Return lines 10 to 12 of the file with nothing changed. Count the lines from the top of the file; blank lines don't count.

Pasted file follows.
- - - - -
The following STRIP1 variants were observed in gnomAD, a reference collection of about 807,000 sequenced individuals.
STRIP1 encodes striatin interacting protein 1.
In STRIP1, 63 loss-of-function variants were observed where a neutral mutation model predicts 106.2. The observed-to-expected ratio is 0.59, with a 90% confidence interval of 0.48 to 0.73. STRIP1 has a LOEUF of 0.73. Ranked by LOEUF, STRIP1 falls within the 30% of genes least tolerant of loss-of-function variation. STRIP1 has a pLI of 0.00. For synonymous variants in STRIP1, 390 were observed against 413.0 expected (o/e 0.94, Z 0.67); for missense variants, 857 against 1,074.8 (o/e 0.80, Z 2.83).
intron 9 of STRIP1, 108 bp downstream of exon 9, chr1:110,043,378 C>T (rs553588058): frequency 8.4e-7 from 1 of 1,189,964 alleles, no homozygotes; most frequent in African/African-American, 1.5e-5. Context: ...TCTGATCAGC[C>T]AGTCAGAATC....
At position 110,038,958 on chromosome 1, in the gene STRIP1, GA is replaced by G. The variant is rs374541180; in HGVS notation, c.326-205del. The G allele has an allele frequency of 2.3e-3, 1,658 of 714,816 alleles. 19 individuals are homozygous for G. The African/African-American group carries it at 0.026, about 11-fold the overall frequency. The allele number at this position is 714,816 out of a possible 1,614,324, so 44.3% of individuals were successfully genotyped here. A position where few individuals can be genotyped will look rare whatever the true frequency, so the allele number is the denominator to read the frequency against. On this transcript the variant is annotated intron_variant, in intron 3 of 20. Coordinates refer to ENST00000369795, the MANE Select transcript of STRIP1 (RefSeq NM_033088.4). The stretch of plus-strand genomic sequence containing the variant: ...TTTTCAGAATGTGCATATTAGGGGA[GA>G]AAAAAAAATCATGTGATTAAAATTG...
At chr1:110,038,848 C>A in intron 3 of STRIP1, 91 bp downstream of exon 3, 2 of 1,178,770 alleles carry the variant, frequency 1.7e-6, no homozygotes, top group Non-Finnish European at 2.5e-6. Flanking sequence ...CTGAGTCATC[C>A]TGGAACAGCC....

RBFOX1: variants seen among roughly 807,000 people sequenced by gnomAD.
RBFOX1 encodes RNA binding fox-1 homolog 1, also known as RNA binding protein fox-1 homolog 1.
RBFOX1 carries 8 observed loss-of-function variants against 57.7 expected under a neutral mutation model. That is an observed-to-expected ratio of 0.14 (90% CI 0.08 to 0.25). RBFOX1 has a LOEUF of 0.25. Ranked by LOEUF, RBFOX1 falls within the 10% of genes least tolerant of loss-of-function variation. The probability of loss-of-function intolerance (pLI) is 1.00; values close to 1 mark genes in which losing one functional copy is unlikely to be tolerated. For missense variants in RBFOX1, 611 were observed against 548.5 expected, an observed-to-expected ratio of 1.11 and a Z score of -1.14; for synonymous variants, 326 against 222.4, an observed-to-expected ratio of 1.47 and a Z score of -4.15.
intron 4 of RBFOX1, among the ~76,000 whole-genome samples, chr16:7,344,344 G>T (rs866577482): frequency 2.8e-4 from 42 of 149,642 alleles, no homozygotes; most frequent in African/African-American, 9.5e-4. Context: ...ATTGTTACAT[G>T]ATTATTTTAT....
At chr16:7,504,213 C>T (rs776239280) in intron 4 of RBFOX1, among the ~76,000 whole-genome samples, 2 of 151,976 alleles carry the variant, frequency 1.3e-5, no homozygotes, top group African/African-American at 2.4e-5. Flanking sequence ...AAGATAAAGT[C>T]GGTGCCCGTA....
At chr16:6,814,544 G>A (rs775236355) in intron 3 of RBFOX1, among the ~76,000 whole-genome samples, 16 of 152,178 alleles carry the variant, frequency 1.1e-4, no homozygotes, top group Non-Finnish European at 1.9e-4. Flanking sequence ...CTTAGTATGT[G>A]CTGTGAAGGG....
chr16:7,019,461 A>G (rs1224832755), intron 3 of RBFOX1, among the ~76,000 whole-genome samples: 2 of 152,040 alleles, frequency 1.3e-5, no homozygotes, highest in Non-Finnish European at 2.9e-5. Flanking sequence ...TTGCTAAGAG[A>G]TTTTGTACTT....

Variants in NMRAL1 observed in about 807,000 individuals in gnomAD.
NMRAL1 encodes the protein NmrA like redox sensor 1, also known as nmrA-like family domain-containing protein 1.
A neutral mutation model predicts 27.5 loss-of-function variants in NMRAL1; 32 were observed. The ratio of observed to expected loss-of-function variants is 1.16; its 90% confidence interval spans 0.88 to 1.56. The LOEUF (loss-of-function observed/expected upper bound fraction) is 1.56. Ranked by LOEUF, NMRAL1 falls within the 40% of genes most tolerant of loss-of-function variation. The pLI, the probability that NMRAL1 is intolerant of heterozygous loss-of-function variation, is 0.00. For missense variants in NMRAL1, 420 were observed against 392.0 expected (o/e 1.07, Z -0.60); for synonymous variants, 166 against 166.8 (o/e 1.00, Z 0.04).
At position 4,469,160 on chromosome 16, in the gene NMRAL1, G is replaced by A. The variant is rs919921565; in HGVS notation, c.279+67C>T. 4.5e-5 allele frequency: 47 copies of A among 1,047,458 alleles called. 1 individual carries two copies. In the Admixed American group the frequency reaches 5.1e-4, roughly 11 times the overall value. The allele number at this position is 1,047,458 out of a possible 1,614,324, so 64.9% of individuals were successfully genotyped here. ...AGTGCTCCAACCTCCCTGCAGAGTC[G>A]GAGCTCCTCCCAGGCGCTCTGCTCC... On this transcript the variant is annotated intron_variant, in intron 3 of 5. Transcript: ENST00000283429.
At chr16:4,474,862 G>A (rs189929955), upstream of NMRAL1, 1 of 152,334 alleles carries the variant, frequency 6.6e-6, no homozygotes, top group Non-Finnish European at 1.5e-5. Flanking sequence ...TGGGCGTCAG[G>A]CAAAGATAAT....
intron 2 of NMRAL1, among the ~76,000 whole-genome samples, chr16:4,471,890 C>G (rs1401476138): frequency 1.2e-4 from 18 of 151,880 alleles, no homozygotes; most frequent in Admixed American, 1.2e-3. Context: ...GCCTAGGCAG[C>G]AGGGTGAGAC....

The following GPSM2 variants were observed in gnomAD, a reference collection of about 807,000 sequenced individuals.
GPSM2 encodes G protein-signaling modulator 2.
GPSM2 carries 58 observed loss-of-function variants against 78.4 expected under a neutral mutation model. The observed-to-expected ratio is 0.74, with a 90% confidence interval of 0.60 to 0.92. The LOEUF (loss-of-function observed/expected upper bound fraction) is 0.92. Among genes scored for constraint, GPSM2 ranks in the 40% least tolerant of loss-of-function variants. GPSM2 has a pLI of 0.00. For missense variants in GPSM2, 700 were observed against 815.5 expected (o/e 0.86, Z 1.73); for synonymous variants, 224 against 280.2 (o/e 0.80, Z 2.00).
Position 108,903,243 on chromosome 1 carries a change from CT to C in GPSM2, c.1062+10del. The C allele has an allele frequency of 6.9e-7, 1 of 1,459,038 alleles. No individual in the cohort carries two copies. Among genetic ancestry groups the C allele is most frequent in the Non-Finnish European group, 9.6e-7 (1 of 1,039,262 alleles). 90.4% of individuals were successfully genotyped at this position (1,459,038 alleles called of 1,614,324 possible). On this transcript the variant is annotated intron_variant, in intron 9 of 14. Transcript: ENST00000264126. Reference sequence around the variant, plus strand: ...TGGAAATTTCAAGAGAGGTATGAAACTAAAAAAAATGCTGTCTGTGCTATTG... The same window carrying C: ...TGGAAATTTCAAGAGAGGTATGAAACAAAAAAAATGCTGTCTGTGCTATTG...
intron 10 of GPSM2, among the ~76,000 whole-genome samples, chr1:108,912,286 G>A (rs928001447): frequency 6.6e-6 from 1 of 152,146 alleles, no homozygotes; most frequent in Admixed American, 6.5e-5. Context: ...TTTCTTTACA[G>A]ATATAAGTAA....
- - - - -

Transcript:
intron 4 of RBFOX1, among the ~76,000 whole-genome samples, chr16:7,344,344 G>T (rs866577482): frequency 2.8e-4 from 42 of 149,642 alleles, no homozygotes; most frequent in African/African-American, 9.5e-4. Context: ...ATTGTTACAT[G>T]ATTATTTTAT....
At chr16:7,504,213 C>T (rs776239280) in intron 4 of RBFOX1, among the ~76,000 whole-genome samples, 2 of 151,976 alleles carry the variant, frequency 1.3e-5, no homozygotes, top group African/African-American at 2.4e-5. Flanking sequence ...AAGATAAAGT[C>T]GGTGCCCGTA....
At chr16:6,814,544 G>A (rs775236355) in intron 3 of RBFOX1, among the ~76,000 whole-genome samples, 16 of 152,178 alleles carry the variant, frequency 1.1e-4, no homozygotes, top group Non-Finnish European at 1.9e-4. Flanking sequence ...CTTAGTATGT[G>A]CTGTGAAGGG....